By the time your conference rolls around, we imagine you’ll be a bit low on sleep and high on caffeine. But hopefully, thanks to your speakers, partners and solid marketing and social media efforts, the big event will be completely sold out.
But with so many offline things to think about during the conference itself…
Have all of the speakers arrived? Is there enough coffee for attendees? Are there enough power outlets? Is the wifi holding up? Is the air conditioning on? Is the air conditioning on too high?
…it can be easy to neglect the online portion. Here are our suggestions for successfully managing the conversation that happens online during your conference.
Find a Designated Tweeter
Unless you are Superman or Wonder Woman, you should consider enlisting the help of a social media savvy friend, co-worker or volunteer to help you manage the social waters the day of the event. You’ll be running around like a chicken with your head cut off trying to ensure all of the offline activities associated with your conference are going off without a hitch — and it will only make your life easier if you don’t have to think about what’s happening online. Trust us.
Meet with them several days or weeks ahead of time to make sure they’re properly briefed on the following:
- Twitter basics: Everyone could likely use a crash course or refresher in the rules of the road, right? We adore Jessica Hische’s website, Mom, This is How Twitter Works for this exact purpose.
- Voice and tone: Is your conference really fun and quirky? More professional and formal? Review what your conference ‘voice’ is, and how to respond to praise, complaints, questions, etc.
- What is ok to RT? Is it ok to RT great quotes that people tweet during the event? Or just ‘Favorite’ them? Be clear on what is ok, and not ok to RT!
- Channeling feedback: When issues come up, be they positive or negative, what is the best way channel online feedback to you, the organizer, on the day of the event? (Hey! It’s too cold in here!, etc.)
Schedule Content in Advance
If your conference is on a set schedule, it’s not a bad idea to schedule tweets in advance to maintain sanity. Consider scheduling reminders about breaks, breakout sessions, where the bathrooms are, where to eat lunch, etc.
Additionally, during your conference is a great time to share content exclusive to your event itself. Examples of this are interviews with your speakers, links to online versions of speaker decks or SlideShare presentations, or behind the scenes material that the normal attendee wouldn’t have access to (pictures from the green room, pictures of lunch, etc.).
Monitor the Hashtag
As we mentioned in our Favorite Tools post, we love using HootSuite and RowFeeder to monitor the hashtag for your conference in real-time (HootSuite), and then afterwards (RowFeeder) to analyze the data. Quite often conference attendees will not mention your actual Twitter handle if they are live tweeting, because it takes up too much valuable character real estate — instead, they’ll stick to the hashtag alone, so it’s vital that you’re keeping an eye on that.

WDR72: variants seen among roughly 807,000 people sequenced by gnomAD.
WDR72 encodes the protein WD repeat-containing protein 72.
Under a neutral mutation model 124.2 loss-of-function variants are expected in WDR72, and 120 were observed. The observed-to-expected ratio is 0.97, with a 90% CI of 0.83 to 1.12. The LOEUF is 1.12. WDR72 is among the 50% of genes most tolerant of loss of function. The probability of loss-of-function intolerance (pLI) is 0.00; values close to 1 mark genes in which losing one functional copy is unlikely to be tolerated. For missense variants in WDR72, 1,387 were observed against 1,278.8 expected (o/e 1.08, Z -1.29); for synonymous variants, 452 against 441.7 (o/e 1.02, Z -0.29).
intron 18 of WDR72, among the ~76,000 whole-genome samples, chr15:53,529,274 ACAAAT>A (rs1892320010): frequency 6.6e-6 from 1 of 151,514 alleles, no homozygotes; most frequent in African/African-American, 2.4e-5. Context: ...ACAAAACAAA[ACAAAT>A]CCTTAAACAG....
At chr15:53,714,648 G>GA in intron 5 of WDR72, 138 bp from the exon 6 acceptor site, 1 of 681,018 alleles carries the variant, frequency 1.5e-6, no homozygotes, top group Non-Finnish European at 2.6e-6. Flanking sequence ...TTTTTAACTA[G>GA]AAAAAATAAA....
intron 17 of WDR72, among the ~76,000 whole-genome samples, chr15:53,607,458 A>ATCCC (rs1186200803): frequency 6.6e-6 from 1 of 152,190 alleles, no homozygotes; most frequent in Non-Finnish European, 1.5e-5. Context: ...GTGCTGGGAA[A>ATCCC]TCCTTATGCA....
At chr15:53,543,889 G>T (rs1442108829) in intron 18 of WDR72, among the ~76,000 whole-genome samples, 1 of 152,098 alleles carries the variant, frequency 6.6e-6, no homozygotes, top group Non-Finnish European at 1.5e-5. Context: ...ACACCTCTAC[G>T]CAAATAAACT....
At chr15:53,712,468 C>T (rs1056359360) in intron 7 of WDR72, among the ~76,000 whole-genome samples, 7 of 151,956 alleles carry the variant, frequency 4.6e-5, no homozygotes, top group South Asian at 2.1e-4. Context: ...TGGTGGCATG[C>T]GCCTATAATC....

Responding to feedback is great (Help! There’s no toilet paper in the men’s room.) but seeking feedback is better! Keep an eye on the pulse of the event by selecting a few times to seek strategic feedback and use it to make the rest of your event, or your next event, even better.
There are tons of great survey tools available, like our partner SurveyMonkey, that allow you to share surveys via a simple link, which is perfect to share via a Tweet or email!
Showing your attendees that you are not only responding to their feedback but seeking it out proactively will only increase their loyalty towards your conference, giving them instant pride in knowing that their ideas and suggestions are being received and considered.
Offer Thanks & Recap
The end of the day can often be a rush, especially if your event is one day only or it’s the final day and you must tear down/pack up everything at your venue. Just because the conference might be over, doesn’t mean the conversation should die then. If needed, schedule tweets in the hours and days after your conference wraps-up, thanking your attendees for coming, your speakers, and sponsors.
Also, be sure to share any recaps or photo albums from your event — if your attendees found value in your conference, it’s likely they’ll keep engaging with your post event communications!
Are you a pro at handling social media on site at conferences? Born to live-tweet? We’d love to hear from you (and your best practices) in the comments below!